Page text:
In order to be payable under state workers' compensation laws, most claims have to begin with an "injury by accident." Back injuries are one of the exceptions, with N.C.G.S. 97-2(6) allowing some injuries don't necessarily rise out of an "accident," but rather a "specific traumatic incident of the work assigned."

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September 21, 2014

Harris v. Haynes: On Worker's Compensation in Car Accident Cases


Harris v. Haynes, an appeal heard before the Supreme Court of Tennessee, involved a claimant ("Claimant") who was working as a police officer for the local sheriff's office. Claimant was assisting with a traffic control operation when a woman driving a pickup truck ("Defendant") ran into him.

480202_broken_car.jpgClaimant applied for and was awarded workers' compensation benefits to compensate him for lost wages and medical bills. Claimant also filed a civil lawsuit against Defendant under a theory of negligence. The trial court entered a default judgment against Defendant and awarded Claimant and his wife $1,250,000 million in damages.

Claimant also filed a claim against the state risk management ("SRM") department under the uninsured motorist (UIM) plan. Claimant and SRM filed cross summary judgment motions. While parties acknowledged that claimants who receive workers' compensation benefits are not also eligible to collect on an uninsured motorist policy, Claimant argued that a portion of the state code conflicted with that prohibition under this particular set of circumstances.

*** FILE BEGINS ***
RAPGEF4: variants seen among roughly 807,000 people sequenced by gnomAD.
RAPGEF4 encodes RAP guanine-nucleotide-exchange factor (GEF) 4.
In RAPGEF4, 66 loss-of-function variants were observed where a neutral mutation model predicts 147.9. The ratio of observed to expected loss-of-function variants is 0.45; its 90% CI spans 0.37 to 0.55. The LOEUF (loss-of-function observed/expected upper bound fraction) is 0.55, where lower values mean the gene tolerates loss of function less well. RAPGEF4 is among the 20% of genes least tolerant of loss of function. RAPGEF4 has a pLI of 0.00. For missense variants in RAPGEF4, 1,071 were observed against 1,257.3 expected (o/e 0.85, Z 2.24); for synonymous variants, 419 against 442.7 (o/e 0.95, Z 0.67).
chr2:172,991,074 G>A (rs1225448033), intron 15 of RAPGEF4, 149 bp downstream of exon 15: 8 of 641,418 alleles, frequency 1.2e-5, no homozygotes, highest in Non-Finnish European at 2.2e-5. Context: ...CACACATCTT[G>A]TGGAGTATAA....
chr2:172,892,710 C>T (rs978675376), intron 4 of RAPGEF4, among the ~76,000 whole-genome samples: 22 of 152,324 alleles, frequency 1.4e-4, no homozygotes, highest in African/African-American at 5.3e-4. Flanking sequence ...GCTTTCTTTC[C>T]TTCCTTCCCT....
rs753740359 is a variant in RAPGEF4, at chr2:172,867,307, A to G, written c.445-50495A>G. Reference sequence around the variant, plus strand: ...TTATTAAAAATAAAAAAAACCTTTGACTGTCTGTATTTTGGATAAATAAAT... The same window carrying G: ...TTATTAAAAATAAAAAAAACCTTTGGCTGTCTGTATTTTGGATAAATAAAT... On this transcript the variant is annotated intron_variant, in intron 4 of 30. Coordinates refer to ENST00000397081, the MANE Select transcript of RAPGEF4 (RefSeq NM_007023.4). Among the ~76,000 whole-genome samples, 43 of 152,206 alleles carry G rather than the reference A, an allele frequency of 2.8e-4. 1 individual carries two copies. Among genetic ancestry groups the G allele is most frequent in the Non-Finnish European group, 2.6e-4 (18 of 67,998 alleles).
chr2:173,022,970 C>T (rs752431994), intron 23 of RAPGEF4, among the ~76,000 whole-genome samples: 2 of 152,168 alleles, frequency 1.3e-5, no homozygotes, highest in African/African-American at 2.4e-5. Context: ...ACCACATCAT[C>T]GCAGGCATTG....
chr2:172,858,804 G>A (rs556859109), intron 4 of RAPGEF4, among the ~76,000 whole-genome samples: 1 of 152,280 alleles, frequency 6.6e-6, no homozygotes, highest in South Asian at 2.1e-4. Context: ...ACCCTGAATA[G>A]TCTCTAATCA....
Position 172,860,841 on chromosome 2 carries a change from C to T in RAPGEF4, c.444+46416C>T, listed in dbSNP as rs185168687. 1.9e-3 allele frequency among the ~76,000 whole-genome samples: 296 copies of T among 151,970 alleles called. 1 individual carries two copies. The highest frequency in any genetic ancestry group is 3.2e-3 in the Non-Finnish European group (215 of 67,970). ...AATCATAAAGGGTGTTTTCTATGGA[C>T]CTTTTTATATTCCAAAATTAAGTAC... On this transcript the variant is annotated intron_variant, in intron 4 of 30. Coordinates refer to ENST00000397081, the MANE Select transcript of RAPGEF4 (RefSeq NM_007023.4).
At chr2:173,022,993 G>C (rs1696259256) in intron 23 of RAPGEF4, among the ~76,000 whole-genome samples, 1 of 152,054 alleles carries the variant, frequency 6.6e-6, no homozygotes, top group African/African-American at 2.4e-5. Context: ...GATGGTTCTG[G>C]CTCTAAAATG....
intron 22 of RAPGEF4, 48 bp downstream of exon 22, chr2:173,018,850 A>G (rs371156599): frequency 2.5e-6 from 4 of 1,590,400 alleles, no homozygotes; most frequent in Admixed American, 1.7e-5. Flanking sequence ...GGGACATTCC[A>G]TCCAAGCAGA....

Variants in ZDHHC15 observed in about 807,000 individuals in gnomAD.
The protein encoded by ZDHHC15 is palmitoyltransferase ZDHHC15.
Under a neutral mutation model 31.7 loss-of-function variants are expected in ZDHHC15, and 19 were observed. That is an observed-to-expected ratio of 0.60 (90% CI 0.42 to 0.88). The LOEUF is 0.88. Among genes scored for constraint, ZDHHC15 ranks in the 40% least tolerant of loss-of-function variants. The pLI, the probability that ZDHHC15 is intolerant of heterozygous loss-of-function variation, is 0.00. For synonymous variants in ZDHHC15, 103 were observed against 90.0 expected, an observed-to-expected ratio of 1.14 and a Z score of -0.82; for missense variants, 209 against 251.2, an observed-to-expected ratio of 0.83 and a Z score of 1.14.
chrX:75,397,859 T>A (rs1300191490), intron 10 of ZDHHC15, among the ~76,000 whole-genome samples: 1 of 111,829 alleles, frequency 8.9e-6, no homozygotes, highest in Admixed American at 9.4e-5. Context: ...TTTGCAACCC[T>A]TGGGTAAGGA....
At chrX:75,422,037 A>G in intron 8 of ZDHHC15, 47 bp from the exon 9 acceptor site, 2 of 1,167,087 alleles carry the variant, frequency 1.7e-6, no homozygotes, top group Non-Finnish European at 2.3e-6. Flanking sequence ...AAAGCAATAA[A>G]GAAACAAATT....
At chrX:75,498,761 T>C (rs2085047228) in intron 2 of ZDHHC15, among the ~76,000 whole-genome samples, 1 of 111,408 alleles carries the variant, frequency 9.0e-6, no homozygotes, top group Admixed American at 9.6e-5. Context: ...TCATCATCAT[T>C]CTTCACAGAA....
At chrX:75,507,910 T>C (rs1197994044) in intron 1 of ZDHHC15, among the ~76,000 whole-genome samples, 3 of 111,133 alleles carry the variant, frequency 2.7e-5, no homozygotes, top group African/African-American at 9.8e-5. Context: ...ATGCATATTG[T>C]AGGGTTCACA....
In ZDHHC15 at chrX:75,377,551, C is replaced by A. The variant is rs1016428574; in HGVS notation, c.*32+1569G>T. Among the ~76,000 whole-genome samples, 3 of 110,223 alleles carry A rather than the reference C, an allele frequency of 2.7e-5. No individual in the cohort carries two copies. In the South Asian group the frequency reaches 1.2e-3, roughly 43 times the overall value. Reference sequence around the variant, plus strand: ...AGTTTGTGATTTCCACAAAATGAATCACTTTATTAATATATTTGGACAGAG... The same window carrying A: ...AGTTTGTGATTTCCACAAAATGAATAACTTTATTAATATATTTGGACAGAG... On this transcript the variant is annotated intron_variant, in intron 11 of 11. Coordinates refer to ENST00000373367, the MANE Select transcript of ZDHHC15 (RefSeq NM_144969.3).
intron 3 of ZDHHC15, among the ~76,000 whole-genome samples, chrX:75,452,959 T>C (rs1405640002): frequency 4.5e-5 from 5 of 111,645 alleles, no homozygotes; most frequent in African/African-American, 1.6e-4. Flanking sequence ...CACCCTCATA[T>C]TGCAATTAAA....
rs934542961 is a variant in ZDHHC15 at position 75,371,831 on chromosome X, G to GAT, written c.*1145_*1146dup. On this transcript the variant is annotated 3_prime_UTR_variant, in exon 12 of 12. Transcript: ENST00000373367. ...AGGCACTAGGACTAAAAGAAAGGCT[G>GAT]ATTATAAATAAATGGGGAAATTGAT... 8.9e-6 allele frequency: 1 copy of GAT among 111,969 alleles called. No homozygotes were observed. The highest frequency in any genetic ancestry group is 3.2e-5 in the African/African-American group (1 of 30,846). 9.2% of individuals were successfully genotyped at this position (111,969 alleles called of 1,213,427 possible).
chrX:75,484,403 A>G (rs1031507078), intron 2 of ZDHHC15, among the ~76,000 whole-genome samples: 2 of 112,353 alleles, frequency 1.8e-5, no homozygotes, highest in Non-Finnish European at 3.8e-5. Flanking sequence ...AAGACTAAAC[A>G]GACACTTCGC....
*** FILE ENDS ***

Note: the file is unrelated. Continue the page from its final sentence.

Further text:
Our Charlotte, North Carolina injury attorneys who represent people injured on the job understand that there are often issues that arise when there are more parties involved in a workers' compensation action than simply the employee and his or her employer.

The trial court granted SRM's motion for summary judgment on grounds that the SRM is a state insurance pool and Employer had specifically rejected UIM coverage when signing the policy contract.

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September 3, 2014

Black Lung Work Illness Benefits Upheld for Former Smoker


The U.S. Court of Appeals for the Sixth Circuit recently upheld a lower court's decision to grant federal Black Lung benefits to a former coal miner, despite the fact that his years as a cigarette smoker had raised questions regarding the source of his illness.